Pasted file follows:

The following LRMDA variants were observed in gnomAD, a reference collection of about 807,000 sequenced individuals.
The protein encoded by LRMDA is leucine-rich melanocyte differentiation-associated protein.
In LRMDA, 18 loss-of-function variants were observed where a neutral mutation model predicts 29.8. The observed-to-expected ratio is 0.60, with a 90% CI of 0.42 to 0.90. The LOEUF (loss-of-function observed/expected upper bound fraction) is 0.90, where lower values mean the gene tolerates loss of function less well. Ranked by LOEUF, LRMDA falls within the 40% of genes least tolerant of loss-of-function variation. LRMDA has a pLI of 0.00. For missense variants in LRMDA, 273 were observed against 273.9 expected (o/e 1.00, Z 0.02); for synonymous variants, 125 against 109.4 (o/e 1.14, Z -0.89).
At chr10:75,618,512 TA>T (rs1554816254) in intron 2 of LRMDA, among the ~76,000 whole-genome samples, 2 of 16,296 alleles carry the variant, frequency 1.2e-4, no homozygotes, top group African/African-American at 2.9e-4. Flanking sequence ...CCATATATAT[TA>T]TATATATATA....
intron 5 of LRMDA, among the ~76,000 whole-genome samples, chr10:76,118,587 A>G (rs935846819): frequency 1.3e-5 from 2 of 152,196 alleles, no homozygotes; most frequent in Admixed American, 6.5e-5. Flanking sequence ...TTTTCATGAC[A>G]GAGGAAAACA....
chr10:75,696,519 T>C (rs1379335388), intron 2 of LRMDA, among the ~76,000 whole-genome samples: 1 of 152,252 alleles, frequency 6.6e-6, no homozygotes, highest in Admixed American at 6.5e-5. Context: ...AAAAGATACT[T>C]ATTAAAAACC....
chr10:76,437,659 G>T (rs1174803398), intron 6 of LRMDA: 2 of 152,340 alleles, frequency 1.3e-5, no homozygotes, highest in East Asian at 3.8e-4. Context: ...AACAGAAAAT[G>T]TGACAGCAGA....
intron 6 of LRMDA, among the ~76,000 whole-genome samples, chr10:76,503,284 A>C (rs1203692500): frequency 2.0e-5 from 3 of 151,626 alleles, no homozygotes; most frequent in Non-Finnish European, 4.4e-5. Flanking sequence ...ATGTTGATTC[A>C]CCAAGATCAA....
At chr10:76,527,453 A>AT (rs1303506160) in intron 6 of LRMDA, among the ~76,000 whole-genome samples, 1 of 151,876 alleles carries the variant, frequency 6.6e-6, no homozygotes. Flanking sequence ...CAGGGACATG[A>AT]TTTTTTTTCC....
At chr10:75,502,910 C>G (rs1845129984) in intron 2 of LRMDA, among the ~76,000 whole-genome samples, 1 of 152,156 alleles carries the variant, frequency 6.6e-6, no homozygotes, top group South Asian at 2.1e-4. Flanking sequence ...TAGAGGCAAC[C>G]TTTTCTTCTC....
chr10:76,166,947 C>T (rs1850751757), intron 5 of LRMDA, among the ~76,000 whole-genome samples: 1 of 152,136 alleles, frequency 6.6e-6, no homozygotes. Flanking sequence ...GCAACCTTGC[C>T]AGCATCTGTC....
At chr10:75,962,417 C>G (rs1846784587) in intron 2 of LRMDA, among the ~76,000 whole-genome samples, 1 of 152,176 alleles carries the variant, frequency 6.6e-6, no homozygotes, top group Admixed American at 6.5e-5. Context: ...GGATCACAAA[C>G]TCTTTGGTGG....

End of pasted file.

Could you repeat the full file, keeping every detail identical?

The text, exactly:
The following LRMDA variants were observed in gnomAD, a reference collection of about 807,000 sequenced individuals.
The protein encoded by LRMDA is leucine-rich melanocyte differentiation-associated protein.
In LRMDA, 18 loss-of-function variants were observed where a neutral mutation model predicts 29.8. The observed-to-expected ratio is 0.60, with a 90% CI of 0.42 to 0.90. The LOEUF (loss-of-function observed/expected upper bound fraction) is 0.90, where lower values mean the gene tolerates loss of function less well. Ranked by LOEUF, LRMDA falls within the 40% of genes least tolerant of loss-of-function variation. LRMDA has a pLI of 0.00. For missense variants in LRMDA, 273 were observed against 273.9 expected (o/e 1.00, Z 0.02); for synonymous variants, 125 against 109.4 (o/e 1.14, Z -0.89).
At chr10:75,618,512 TA>T (rs1554816254) in intron 2 of LRMDA, among the ~76,000 whole-genome samples, 2 of 16,296 alleles carry the variant, frequency 1.2e-4, no homozygotes, top group African/African-American at 2.9e-4. Flanking sequence ...CCATATATAT[TA>T]TATATATATA....
intron 5 of LRMDA, among the ~76,000 whole-genome samples, chr10:76,118,587 A>G (rs935846819): frequency 1.3e-5 from 2 of 152,196 alleles, no homozygotes; most frequent in Admixed American, 6.5e-5. Flanking sequence ...TTTTCATGAC[A>G]GAGGAAAACA....
chr10:75,696,519 T>C (rs1379335388), intron 2 of LRMDA, among the ~76,000 whole-genome samples: 1 of 152,252 alleles, frequency 6.6e-6, no homozygotes, highest in Admixed American at 6.5e-5. Context: ...AAAAGATACT[T>C]ATTAAAAACC....
chr10:76,437,659 G>T (rs1174803398), intron 6 of LRMDA: 2 of 152,340 alleles, frequency 1.3e-5, no homozygotes, highest in East Asian at 3.8e-4. Context: ...AACAGAAAAT[G>T]TGACAGCAGA....
intron 6 of LRMDA, among the ~76,000 whole-genome samples, chr10:76,503,284 A>C (rs1203692500): frequency 2.0e-5 from 3 of 151,626 alleles, no homozygotes; most frequent in Non-Finnish European, 4.4e-5. Flanking sequence ...ATGTTGATTC[A>C]CCAAGATCAA....
At chr10:76,527,453 A>AT (rs1303506160) in intron 6 of LRMDA, among the ~76,000 whole-genome samples, 1 of 151,876 alleles carries the variant, frequency 6.6e-6, no homozygotes. Flanking sequence ...CAGGGACATG[A>AT]TTTTTTTTCC....
At chr10:75,502,910 C>G (rs1845129984) in intron 2 of LRMDA, among the ~76,000 whole-genome samples, 1 of 152,156 alleles carries the variant, frequency 6.6e-6, no homozygotes, top group South Asian at 2.1e-4. Flanking sequence ...TAGAGGCAAC[C>G]TTTTCTTCTC....
chr10:76,166,947 C>T (rs1850751757), intron 5 of LRMDA, among the ~76,000 whole-genome samples: 1 of 152,136 alleles, frequency 6.6e-6, no homozygotes. Flanking sequence ...GCAACCTTGC[C>T]AGCATCTGTC....
At chr10:75,962,417 C>G (rs1846784587) in intron 2 of LRMDA, among the ~76,000 whole-genome samples, 1 of 152,176 alleles carries the variant, frequency 6.6e-6, no homozygotes, top group Admixed American at 6.5e-5. Context: ...GGATCACAAA[C>G]TCTTTGGTGG....